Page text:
Mount VictoriaAvailableFTTNNow
Little HartleyAvailableFixed WirelessNow

Current as of 13th September 2019

NBN Frequently asked questions

Q: Do I have to connect to the NBN?

A: If you would like a phone or internet service, then your premises will need to be connect to the NBN once it is available.

Q: Will I lose my phone number (landline)?

A: No, you can keep your landline number. However, this will change from being analogue to digital. You can still use your current handset, but you will need a modem designed for this or an Analog Telephone Adapter (known as an ATA). Because the phone will be coming through an internet connection you will need an internet service and a VoIP service (Voice of IP).

Q: I don’t want the internet, just my phone. Do I need an internet service?

A: Yes. You will need an internet service to have a home phone.

Q: Will I need to pay line rental?

A: No. The only bill should be for your Internet Service and a VoIP number. Most providers will bundle these together.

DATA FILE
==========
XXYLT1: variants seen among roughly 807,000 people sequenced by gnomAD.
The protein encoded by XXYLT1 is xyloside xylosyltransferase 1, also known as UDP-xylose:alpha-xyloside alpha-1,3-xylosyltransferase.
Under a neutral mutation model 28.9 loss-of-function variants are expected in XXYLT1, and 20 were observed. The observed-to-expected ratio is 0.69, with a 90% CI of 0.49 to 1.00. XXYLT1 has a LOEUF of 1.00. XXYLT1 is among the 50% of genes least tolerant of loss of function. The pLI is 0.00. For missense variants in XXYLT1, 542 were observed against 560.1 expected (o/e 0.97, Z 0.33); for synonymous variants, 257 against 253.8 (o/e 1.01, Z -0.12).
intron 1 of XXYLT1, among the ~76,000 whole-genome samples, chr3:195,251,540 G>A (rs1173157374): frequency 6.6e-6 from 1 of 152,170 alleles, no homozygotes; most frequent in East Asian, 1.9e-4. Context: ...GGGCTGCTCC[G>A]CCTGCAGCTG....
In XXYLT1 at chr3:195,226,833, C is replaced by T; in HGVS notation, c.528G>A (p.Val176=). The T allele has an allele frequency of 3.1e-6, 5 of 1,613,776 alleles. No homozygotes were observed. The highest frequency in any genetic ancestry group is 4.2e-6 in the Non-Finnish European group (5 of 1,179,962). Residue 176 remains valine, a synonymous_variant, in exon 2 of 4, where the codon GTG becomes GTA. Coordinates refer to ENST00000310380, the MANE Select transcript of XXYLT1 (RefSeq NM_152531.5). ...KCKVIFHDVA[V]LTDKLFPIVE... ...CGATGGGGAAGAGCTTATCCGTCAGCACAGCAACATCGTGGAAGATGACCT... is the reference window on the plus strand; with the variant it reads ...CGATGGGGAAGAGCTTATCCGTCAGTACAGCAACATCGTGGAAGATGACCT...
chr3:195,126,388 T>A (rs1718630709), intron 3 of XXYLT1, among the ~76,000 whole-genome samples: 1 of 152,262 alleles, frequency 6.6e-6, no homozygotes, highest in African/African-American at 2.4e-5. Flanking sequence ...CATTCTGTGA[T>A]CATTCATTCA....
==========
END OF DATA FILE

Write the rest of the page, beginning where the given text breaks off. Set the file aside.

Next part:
Q: How much does it cost to connect to the NBN?

A: It shouldn’t cost anything to connect to the NBN. The only fees to pay will be a setup or connection fee with your Internet Service Provider and for a compatible modem.

Q: Will my landline work in a blackout if its connected to the NBN?

A: No. If there is a blackout in your area the NBN will not work. You should have a mobile phone charged in the event of a power outage.

NBN Technology overview

Fibre to the Curb (FTTC)

Landline phone and internet services won’t work in the event of a power outage within the NBN Fibre to the Curb network or within your premises. Unfortunately, restoring power with an alternative power option is not possible if the NBN FTTC network is also experiencing a power loss.  Consider keeping a charged mobile phone nearby in the instance of a power outage.